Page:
Over the next few years Jasmine passionately embraced the backpacker lifestyle and the backpacker lifestyle reciprocated by wrapping itself around her windpipe and throttling her right back. She was hospitalized with pneumonia in Brazil, robbed at knifepoint by drug addicts in Argentina, fined and threatened with deportation for busking without a permit in Paris, burst a couple of blood vessels in her eyes whilst bungee jumping in Thailand; she even had her backpack not only stolen in Cambodia but also returned intact the next day – I can only assume that after examining the backpack contents the thief concluded Jasmine was even more impoverished than he was. And that’s just the stuff Jasmine told us about; God only knows what else happened to her out there on the hippie trail; well, God, various Australian consulates and maybe Interpol.
Jasmine sailed through it all with joy de vivre or, to put it another way, suicidal recklessness. Yet somehow she would always return in one piece and invariably bringing what she liked to call ‘little goodies” for us. These mostly comprised of items of badly made Indian clothing or the sort of tacky silver jewelry that turns green almost before your eyes, leaving ugly skin rashes. And then one year she totally outdid herself in the little goodies department by bringing back a man. And not just one of the common or garden locally grown variety; he was a Frenchman. Quelle exotique! How she got him through customs I’ll never know. He was dressed in baggy harem pants, cheesecloth t-shirt and a waistcoat festooned with glass beads. Oh, and Moroccan camel leather slippers that curled up at the front. Let’s just nickname him Aladdin and be done with it.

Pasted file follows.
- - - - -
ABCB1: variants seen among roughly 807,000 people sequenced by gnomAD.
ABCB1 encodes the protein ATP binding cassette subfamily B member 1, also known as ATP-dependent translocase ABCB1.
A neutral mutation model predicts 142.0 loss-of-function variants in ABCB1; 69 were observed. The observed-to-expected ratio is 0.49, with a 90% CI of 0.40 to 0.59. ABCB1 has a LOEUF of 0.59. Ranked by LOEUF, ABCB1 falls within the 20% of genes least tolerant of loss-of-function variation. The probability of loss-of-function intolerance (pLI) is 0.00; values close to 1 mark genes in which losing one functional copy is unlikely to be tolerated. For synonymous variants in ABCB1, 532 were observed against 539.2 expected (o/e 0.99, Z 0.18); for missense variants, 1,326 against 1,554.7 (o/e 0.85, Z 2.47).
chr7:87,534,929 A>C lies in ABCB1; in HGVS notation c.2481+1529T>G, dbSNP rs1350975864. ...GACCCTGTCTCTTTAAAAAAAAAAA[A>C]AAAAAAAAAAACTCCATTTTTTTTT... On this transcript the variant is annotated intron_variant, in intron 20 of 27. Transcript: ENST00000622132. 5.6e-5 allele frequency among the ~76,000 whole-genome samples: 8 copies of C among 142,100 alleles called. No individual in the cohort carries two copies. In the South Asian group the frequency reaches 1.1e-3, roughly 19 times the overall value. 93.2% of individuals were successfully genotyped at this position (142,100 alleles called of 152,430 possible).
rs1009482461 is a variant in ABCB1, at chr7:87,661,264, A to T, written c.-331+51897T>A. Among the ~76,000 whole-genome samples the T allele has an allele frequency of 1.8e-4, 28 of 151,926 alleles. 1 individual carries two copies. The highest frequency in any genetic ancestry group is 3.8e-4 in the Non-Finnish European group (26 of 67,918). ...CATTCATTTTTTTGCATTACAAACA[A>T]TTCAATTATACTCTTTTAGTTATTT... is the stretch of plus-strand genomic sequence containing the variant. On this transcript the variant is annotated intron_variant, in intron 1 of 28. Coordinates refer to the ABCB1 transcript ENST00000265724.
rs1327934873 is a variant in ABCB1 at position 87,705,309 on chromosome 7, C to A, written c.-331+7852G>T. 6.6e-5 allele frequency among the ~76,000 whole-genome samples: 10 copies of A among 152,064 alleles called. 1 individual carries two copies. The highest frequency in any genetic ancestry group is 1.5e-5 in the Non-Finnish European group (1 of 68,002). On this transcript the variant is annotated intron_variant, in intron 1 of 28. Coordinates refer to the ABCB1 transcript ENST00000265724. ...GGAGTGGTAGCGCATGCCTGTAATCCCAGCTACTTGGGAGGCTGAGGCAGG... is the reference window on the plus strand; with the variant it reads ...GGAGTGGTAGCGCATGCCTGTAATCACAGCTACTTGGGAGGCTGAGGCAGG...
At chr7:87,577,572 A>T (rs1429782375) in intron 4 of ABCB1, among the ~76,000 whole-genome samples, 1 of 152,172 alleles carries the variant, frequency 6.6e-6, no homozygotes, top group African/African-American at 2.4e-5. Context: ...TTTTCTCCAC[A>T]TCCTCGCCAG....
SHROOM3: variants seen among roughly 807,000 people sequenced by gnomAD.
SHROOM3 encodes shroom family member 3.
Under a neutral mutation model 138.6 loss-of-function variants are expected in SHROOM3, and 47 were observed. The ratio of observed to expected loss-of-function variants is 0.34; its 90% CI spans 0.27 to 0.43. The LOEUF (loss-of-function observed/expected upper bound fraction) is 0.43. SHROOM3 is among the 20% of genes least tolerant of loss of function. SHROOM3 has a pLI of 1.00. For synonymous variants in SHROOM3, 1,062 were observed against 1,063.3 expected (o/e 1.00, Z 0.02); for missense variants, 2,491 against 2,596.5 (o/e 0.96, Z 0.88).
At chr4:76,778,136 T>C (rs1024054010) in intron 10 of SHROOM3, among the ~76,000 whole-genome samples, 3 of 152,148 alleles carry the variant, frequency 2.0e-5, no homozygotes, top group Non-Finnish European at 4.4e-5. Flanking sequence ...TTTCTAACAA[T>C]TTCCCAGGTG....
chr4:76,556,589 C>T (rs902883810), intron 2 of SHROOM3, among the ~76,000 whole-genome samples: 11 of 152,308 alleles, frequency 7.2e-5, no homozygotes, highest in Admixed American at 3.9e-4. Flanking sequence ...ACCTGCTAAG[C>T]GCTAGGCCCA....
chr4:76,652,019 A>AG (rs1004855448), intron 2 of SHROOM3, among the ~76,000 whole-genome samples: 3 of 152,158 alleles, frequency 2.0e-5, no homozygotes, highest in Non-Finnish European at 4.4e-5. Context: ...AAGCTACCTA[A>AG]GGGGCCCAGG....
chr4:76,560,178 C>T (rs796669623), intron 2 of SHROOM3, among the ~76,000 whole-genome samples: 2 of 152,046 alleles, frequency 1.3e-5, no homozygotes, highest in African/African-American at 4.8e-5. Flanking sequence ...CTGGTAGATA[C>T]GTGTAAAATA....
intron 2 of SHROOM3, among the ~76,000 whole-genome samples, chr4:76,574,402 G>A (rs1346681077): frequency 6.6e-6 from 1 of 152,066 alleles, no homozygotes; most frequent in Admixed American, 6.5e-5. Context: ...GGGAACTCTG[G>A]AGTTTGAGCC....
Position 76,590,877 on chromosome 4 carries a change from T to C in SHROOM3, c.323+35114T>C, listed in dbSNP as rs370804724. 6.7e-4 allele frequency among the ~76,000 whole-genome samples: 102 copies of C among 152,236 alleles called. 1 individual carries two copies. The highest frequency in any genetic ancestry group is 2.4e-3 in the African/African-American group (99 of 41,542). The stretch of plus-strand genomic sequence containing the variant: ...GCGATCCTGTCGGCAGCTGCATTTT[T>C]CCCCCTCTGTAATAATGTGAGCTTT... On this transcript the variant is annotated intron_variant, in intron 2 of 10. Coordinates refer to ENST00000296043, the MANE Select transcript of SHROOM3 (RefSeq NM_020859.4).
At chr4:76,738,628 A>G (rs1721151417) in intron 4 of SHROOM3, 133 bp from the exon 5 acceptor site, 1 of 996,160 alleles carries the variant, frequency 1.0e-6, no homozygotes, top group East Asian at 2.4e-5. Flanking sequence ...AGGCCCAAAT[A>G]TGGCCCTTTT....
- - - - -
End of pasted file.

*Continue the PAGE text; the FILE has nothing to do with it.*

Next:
She introduced Aladdin as her boyfriend and casually informed us that he would be staying with us for a while. Later we discovered that the phrase “for a while” translated as until he found a job, a place to stay, an education, a career, a life direction. Basically then, the idea was we were going to adopt him for the foreseeable future. And we didn’t say a word of protest. Which is preposterous, right? The only way I can explain it is that Jasmine has always had this knack of reassuring anxious older people with a few soft words, a smile and reassuring hug; she’s like some kind of horse whisperer for skittish parents. I should point out that she had a long history of bringing stray, mangy young people home for meals but this was the first time she’d moved a fully imported one into the house.